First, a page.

Guest speaker - Nick Robinson
Reporter, Presenter and Author
Nick is a well-respected and familiar face and voice on television and radio with over 30 years’ experience in reporting and broadcasting. He joined the flagship Radio 4 ‘Today’ programme as a presenter in November 2015, after a decade as the BBC’s Political Editor covering Prime Ministers Blair, Brown and Cameron. Nick’s Twitter feed is followed by 750,000 people. His ‘Election Notebook’ was a Sunday Times bestseller.
Nick Robinson is speaking at Investec Wealth & Investment Birmingham Vision conference.
Nick is a rare example of someone who switched from working behind the microphones and cameras to working in front of them since he started out in broadcasting at Manchester’s Piccadilly Radio in 1986. He then worked his way up as a producer for the BBC, working on a variety of shows including ‘Newsround’ and ‘Crimewatch’ before becoming an assistant producer for ‘On the Record’. In 1993, Nick was promoted to Deputy Editor of ‘Panorama’ and, by 1999, Nick was not only a political correspondent for the BBC, but also presenting ‘Weekend Breakfast’ and ‘Late Night Live’ on Radio 5 Live.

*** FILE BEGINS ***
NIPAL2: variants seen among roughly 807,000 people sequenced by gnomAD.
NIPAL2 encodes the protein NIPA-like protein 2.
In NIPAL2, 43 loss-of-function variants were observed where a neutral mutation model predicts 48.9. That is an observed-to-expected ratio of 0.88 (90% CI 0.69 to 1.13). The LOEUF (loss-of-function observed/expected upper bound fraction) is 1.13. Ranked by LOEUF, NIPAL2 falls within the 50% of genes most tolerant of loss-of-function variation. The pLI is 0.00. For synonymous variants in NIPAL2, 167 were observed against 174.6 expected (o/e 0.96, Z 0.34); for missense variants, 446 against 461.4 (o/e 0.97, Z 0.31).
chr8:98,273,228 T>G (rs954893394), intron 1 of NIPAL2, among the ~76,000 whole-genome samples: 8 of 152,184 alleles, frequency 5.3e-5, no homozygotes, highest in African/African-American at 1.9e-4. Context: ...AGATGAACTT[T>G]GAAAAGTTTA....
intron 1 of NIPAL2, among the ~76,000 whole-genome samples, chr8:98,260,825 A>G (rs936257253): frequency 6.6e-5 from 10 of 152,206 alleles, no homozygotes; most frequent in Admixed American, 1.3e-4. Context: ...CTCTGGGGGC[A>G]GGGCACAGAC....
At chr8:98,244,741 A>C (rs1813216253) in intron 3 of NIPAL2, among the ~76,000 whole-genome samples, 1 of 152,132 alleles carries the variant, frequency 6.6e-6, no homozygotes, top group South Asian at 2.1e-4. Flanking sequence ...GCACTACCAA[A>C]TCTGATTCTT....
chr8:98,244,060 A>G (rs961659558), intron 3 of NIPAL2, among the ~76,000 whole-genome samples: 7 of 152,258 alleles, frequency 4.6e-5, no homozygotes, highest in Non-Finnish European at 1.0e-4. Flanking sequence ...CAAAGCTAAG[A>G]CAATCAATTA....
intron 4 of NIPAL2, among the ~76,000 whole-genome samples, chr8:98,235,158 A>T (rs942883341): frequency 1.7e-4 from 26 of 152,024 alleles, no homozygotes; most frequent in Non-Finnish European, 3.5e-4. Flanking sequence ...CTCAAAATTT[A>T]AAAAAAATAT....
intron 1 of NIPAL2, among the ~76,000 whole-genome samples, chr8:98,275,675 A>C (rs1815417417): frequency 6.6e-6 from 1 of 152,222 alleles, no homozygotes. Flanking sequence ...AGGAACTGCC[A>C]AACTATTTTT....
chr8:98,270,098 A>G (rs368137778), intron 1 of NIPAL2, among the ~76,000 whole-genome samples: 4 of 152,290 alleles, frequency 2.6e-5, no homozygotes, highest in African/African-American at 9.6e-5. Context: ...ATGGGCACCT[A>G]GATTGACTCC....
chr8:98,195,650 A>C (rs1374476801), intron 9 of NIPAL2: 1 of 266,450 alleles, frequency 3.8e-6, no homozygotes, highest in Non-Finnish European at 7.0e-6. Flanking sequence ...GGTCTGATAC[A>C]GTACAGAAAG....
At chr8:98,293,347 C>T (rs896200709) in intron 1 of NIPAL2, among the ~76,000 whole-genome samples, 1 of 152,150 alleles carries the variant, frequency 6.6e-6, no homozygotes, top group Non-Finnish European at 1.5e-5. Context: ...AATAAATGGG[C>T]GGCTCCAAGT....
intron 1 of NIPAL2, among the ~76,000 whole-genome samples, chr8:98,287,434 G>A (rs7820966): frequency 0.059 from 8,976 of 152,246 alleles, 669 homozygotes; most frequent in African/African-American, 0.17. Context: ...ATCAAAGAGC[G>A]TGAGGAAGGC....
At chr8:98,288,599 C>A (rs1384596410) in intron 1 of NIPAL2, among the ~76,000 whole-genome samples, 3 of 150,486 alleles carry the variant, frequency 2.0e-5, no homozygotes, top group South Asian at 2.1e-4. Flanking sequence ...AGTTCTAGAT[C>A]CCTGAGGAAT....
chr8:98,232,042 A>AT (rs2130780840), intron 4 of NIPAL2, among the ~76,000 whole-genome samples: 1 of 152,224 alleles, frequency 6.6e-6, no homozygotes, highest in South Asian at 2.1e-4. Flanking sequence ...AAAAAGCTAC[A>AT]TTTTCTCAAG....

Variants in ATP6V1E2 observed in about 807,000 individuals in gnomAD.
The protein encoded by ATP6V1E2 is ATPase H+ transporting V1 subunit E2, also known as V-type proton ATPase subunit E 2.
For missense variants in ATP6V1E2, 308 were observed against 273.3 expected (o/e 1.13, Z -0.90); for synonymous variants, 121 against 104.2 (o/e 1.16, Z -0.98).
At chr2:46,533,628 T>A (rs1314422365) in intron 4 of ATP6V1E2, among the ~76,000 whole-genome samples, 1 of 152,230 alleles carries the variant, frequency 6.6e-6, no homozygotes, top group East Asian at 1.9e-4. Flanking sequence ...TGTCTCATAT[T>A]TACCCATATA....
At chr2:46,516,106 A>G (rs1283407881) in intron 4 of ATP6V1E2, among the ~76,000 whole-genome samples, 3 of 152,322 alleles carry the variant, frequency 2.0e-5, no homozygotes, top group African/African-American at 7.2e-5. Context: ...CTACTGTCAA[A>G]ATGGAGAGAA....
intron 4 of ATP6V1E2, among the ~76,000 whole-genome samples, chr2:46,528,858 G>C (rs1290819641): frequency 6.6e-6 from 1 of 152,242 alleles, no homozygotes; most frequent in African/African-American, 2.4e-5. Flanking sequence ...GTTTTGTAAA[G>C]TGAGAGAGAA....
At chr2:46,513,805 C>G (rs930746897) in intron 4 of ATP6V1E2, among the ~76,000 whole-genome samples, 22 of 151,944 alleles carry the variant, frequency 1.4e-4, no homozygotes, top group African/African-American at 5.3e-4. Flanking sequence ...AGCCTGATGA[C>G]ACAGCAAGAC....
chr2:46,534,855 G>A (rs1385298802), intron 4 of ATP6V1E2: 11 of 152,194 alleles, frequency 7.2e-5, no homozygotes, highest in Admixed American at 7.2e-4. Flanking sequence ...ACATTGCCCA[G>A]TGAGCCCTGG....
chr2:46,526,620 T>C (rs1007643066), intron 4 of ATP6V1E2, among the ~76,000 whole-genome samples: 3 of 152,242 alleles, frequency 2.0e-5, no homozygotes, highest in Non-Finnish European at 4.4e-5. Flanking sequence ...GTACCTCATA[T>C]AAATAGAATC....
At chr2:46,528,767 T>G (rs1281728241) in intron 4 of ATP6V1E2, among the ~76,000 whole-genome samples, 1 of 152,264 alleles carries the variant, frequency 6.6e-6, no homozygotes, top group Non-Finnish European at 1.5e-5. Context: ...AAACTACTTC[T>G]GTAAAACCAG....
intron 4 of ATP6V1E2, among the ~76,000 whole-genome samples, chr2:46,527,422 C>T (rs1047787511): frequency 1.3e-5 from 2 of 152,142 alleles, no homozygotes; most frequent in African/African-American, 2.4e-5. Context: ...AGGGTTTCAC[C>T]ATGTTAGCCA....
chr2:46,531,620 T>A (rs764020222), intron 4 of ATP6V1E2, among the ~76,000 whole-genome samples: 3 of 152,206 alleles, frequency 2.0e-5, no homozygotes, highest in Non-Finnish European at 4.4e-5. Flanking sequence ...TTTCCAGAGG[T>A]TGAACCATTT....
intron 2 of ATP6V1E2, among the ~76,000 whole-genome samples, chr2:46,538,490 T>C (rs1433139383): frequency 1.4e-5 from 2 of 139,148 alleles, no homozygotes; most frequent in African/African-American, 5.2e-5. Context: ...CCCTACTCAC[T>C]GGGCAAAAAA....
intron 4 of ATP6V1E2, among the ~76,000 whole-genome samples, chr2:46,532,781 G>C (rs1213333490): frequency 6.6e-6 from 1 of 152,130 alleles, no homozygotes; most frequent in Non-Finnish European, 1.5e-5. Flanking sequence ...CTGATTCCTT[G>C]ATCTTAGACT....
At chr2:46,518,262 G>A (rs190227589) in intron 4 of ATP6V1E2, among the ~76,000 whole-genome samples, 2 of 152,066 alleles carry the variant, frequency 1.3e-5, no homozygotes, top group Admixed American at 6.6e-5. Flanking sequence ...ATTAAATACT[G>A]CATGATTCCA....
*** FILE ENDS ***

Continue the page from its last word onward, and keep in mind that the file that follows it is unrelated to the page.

In 1999, Nick became Chief Political Correspondent on BBC News Channel but left the BBC in 2002 and joined ITV News, spending three years as their Political Editor; in that time covering the 2005 General Election campaign.
Nick returned to the BBC in 2005, as the BBC’s Political Editor and is the only person to have been Political Editor for the country’s two largest broadcasters; ITV and BBC. He held this position for ten years, travelling with, and covering, first Tony Blair, then Gordon Brown and finally David Cameron when they were Prime Minister. In this role, Nick covered the two General Elections and the formation of the coalition government in 2010, appearing regularly on the BBC News at Ten, Daily Politics and Today programme. He anchored the BBC’s Election night special programme alongside David Dimbleby.
Born in Macclesfield, Cheshire in 1963, Nick attended Cheadle Hulme School, then University College, Oxford where he studied politics, philosophy and economics.